Three months ago, Rimes seemed unstoppable. But family troubles and a poorly received new album have caused growing pains.

It’s Friday, a cool midnight in California’s San Fernando Valley, and a teenage girl is talking about the movies. Not movies she’s seen, mind you. Movies she wants to make.

Her voice is clear and precise and devoid of irony. “I want to be in a feature film,” LeAnn Rimes proclaims, settling into a banquette on her tour bus shortly after completing the first of two sold-out shows at L.A.’s Universal Amphitheater. “We’ve been talking about bringing back A Star Is Born. Something along the lines of a love story that involved my music. A film with an edge.”

Rimes is 15. Earlier today, while millions of American teens were daydreaming about Leo, or flooding cyberspace with mindless chatter, this dough-cheeked diva was holding court at the offices of Creative Artists Agency. Fifteen Hollywood power brokers seated in a conference room listened closely as the Cinderella CEO outlined the do’s and don’ts of her future filmic forays. Ask Rimes who runs such a meeting and she admits, somewhat hesitantly, “I do.”

Her CAA agent, Rod Essig, is quick to agree. “Ninety-five percent of every decision regarding her career is made by LeAnn,” he says. “Whether it’s about touring, TV, books. I talk to her father and manager, but the final decision is hers. LeAnn knows what she’s doing and where she wants to go.”

And where might that be? “I don’t want to play a young teenage girl, because I want to get away from being stuck with an age factor,” she says. “I’m always stuck with that. I want people to look at me for my music, for my talent. And I guess, at that point, for my acting.”

Though she’s still too young to drive, Rimes is America’s fastest-growing brand name. In a stretch of two years she has gone from being a pubescent Patsy Cline clone to a Grammy winner, a Grammy snubbee, an author, an actor, a hawker of milk and cell phones, fodder for Internet gossip, and a mega-platinum showbiz conglomerate. Tally up last year’s record and concert-ticket sales and Rimes churned out profits in the neighborhood of $96.3 million—according to The Los Angeles Times, more than U2, or the Spice Girls, or Celine Dion.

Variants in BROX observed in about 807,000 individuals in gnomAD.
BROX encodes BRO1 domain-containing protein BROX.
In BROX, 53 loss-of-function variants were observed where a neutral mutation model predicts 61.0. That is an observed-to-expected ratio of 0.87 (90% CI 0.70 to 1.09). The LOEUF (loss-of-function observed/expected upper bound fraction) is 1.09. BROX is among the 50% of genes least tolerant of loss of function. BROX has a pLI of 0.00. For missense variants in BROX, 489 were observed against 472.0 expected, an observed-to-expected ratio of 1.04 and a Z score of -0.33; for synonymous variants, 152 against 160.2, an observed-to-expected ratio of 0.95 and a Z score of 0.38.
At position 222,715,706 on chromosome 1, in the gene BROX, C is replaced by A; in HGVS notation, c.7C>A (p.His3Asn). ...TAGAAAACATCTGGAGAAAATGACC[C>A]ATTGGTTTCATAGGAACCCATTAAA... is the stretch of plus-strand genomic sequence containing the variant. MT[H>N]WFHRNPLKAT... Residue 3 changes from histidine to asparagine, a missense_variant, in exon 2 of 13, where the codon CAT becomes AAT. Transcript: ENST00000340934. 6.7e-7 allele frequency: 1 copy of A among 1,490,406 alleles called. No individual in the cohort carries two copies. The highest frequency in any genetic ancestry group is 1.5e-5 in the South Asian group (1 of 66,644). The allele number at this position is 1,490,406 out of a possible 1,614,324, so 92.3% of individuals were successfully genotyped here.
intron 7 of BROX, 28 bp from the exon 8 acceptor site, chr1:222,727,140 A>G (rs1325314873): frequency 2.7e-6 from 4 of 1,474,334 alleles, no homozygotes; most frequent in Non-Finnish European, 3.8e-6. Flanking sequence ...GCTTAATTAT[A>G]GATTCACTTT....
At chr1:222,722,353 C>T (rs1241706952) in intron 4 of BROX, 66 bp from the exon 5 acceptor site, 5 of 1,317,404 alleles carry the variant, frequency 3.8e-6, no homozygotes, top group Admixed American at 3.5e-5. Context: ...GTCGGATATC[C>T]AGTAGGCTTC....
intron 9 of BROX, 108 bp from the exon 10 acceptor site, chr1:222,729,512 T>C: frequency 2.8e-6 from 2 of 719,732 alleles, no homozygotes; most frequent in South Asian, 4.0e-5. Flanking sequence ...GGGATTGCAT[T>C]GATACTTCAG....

There’s even that requisite bump in the road: Sittin’ on Top of the World, Rimes’ fourth album in less than two years, isn’t entirely living up to its title. Despite a promising debut at No. 4 on Billboard‘s pop charts, the record, now in its 10th week of release, sits at an inauspicious No. 35. Rimes is probably the first artist in a generation who can make a plausible bid for the crossover territory once staked out by Barbra Streisand and Judy Garland. (“If they were going to remake The Wizard of Oz right now,” gushes one TV exec, “it would star LeAnn.”) But the yellow-brick road is fraught with perils both professional (carping critics, the threat of overexposure) and emotional (the recent divorce of her parents). Rimes runs the risk of falling into the Doomed Kid Sensation role held by Tanya Tucker and Macaulay Culkin. “She hasn’t hit that rebellious stage yet,” muses former firecracker Tucker, who enjoyed a run as Nashville’s Lolita in the early ’70s. “But she will. I just hope that the love will be strong enough to get her through those times.”